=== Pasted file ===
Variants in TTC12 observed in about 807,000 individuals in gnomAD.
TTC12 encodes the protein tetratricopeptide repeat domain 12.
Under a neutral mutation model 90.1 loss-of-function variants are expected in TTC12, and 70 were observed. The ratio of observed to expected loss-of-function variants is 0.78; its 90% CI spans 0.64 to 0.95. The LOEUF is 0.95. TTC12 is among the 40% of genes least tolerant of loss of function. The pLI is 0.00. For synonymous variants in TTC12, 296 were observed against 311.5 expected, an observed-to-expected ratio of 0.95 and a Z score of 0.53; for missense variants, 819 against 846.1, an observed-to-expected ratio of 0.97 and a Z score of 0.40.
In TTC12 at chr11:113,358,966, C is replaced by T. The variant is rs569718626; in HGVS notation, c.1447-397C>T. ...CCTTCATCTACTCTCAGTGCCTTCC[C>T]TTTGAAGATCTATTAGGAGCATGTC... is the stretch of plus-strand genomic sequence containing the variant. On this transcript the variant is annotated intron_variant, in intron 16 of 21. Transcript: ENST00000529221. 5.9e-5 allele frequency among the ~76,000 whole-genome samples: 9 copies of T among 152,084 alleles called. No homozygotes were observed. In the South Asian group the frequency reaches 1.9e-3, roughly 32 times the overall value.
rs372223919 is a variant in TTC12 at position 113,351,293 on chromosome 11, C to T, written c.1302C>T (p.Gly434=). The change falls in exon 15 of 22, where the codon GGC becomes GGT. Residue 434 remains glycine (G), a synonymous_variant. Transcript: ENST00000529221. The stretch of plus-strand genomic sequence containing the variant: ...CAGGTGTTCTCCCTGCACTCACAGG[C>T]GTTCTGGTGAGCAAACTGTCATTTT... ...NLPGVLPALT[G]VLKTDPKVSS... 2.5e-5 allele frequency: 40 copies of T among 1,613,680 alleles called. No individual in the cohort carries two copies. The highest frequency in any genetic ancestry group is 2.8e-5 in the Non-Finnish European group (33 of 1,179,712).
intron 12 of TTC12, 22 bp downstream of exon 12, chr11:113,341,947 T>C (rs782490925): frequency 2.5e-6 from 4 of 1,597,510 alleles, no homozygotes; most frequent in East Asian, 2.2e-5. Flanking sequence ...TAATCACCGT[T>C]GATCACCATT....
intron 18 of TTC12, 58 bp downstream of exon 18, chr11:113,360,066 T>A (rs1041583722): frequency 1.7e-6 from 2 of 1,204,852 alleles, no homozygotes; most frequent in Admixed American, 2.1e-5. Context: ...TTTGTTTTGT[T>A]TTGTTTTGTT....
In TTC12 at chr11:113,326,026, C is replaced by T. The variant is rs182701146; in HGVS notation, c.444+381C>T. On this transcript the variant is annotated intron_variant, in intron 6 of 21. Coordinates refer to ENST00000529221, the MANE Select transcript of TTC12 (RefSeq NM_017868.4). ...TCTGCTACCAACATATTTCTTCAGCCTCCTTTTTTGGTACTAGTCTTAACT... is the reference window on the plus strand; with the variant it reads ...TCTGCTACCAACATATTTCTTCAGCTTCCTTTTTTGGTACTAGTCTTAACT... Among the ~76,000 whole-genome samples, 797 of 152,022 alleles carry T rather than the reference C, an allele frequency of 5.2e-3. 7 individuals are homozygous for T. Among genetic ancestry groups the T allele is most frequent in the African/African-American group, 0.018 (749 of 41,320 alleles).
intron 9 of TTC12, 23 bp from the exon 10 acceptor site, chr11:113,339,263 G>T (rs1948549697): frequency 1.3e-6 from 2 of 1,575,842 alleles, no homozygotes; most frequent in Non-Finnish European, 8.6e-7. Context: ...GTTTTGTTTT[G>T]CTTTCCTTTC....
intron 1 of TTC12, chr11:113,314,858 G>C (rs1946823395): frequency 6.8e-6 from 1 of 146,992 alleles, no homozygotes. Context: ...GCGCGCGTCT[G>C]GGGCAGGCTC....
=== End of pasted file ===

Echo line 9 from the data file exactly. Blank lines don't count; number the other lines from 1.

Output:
intron 9 of TTC12, 23 bp from the exon 10 acceptor site, chr11:113,339,263 G>T (rs1948549697): frequency 1.3e-6 from 2 of 1,575,842 alleles, no homozygotes; most frequent in Non-Finnish European, 8.6e-7. Context: ...GTTTTGTTTT[G>T]CTTTCCTTTC....